There’s a lot of talk about what's a boss and what’s a leader. You may have even checked a few of these infographics, videos or articles that give you a list of traits defining what makes a leader different from a boss. As it turns out, a leader is not just a person that tells everyone under him what to do. He’s there to inspire, motivate and lead the entire team!
Speaking of being a good leader, there's no organization that defines leadership as the most important factor above all else than the armed forces. Hence, it only makes sense that business leaders would want to learn from the armed forces leadership training.
So, what insights can we get from such kind of extreme leadership training?
Below are 8 of them:
As a leader, you have to accept the fact that you are human and not a member of the X-Men or the Avengers. This means you‘re subject to vulnerabilities and human limitation. Thus, asking support and help shouldn’t be considered as a sign of weakness. To the contrary, it's actually a sign that you’ve achieved higher levels of strength and wisdom.
Trust the Team
If you’re a leader, then you should learn to fully trust your team to do their job. Double checking the work will only cause inefficiencies. Of course, not all team members will be doing their job as they should. However, don't make it a habit of double checking everything. Rather, divert your focus to fixing the fundamental reason why a team member isn’t doing his job.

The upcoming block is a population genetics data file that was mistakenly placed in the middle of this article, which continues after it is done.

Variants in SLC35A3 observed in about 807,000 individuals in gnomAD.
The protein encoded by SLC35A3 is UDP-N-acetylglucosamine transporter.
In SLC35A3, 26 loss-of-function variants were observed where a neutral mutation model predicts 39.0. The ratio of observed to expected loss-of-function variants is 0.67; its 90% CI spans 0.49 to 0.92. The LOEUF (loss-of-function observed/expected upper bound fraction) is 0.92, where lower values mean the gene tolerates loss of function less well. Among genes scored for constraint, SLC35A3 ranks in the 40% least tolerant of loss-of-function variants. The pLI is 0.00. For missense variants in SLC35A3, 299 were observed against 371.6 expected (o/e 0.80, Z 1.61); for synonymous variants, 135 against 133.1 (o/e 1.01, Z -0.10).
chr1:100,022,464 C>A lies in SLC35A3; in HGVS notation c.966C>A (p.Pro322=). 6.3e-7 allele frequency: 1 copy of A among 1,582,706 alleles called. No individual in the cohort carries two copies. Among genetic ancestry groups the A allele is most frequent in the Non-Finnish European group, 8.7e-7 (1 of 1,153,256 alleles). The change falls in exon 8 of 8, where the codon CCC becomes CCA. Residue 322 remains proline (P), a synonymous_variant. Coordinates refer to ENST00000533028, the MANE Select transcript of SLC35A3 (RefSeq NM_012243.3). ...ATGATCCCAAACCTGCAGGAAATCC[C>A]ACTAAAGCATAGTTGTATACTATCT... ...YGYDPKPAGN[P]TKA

This is a common advice for leaders, but what does it exactly mean? Effective communication means you’re sending your message clearly. In most cases, this means using fewer words. In addition, it also means rechecking everyone gets the message! When team members are getting incomplete information, it's easy for them to speculate and assume the worst.
Focus on the Objective
Once you and your team know the objective, it's your job to lead them to that goal. You may need to recheck this tip regularly as it's easy to get side-tracked while on route to the objective.
Assess and Analyze
Regularly step back and analyze the progress. If the team's output quality is questionable, then don't think it's caused by laziness, carelessness or inability. Rather, think of it as a symptom that there's a failure with the training, communication, in the briefing or in the system. This way you can already think of ways to improve and try again.
Learn to Adapt
Having a plan is a great idea. However, as a leader, you should realize that all plans will disintegrate when they come in contact with the real world. It's your job to reassess and adapt the plan.
Your team may be a system, but it's also a part of a bigger system like the HR, legal or finance department. It's best that you engage these as allies as soon as possible for a smoother sailing in the future.
Get Some Rest
Getting rest is just as important as being productive! Your ability to act and decide will significantly be affected by stress.